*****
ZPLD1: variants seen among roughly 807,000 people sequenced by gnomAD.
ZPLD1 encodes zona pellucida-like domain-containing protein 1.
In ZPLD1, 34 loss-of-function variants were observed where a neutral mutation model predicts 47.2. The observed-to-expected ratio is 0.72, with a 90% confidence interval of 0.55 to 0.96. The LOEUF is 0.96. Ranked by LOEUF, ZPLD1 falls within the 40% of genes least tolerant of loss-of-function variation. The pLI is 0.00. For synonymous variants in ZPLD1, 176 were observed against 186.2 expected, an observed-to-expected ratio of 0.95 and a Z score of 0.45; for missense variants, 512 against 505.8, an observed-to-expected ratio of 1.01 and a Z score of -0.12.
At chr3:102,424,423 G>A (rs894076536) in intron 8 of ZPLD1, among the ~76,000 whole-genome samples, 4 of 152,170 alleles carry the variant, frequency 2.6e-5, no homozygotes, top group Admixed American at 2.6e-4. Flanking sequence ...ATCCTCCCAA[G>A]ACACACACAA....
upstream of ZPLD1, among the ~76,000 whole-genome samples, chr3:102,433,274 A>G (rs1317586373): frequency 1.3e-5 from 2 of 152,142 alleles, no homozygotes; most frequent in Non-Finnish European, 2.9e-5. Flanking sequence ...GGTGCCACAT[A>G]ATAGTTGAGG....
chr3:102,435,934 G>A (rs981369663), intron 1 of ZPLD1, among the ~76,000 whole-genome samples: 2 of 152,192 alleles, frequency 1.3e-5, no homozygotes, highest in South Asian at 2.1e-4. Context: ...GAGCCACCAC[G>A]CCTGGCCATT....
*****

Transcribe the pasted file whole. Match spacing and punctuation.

ZPLD1: variants seen among roughly 807,000 people sequenced by gnomAD.
ZPLD1 encodes zona pellucida-like domain-containing protein 1.
In ZPLD1, 34 loss-of-function variants were observed where a neutral mutation model predicts 47.2. The observed-to-expected ratio is 0.72, with a 90% confidence interval of 0.55 to 0.96. The LOEUF is 0.96. Ranked by LOEUF, ZPLD1 falls within the 40% of genes least tolerant of loss-of-function variation. The pLI is 0.00. For synonymous variants in ZPLD1, 176 were observed against 186.2 expected, an observed-to-expected ratio of 0.95 and a Z score of 0.45; for missense variants, 512 against 505.8, an observed-to-expected ratio of 1.01 and a Z score of -0.12.
At chr3:102,424,423 G>A (rs894076536) in intron 8 of ZPLD1, among the ~76,000 whole-genome samples, 4 of 152,170 alleles carry the variant, frequency 2.6e-5, no homozygotes, top group Admixed American at 2.6e-4. Flanking sequence ...ATCCTCCCAA[G>A]ACACACACAA....
upstream of ZPLD1, among the ~76,000 whole-genome samples, chr3:102,433,274 A>G (rs1317586373): frequency 1.3e-5 from 2 of 152,142 alleles, no homozygotes; most frequent in Non-Finnish European, 2.9e-5. Flanking sequence ...GGTGCCACAT[A>G]ATAGTTGAGG....
chr3:102,435,934 G>A (rs981369663), intron 1 of ZPLD1, among the ~76,000 whole-genome samples: 2 of 152,192 alleles, frequency 1.3e-5, no homozygotes, highest in South Asian at 2.1e-4. Context: ...GAGCCACCAC[G>A]CCTGGCCATT....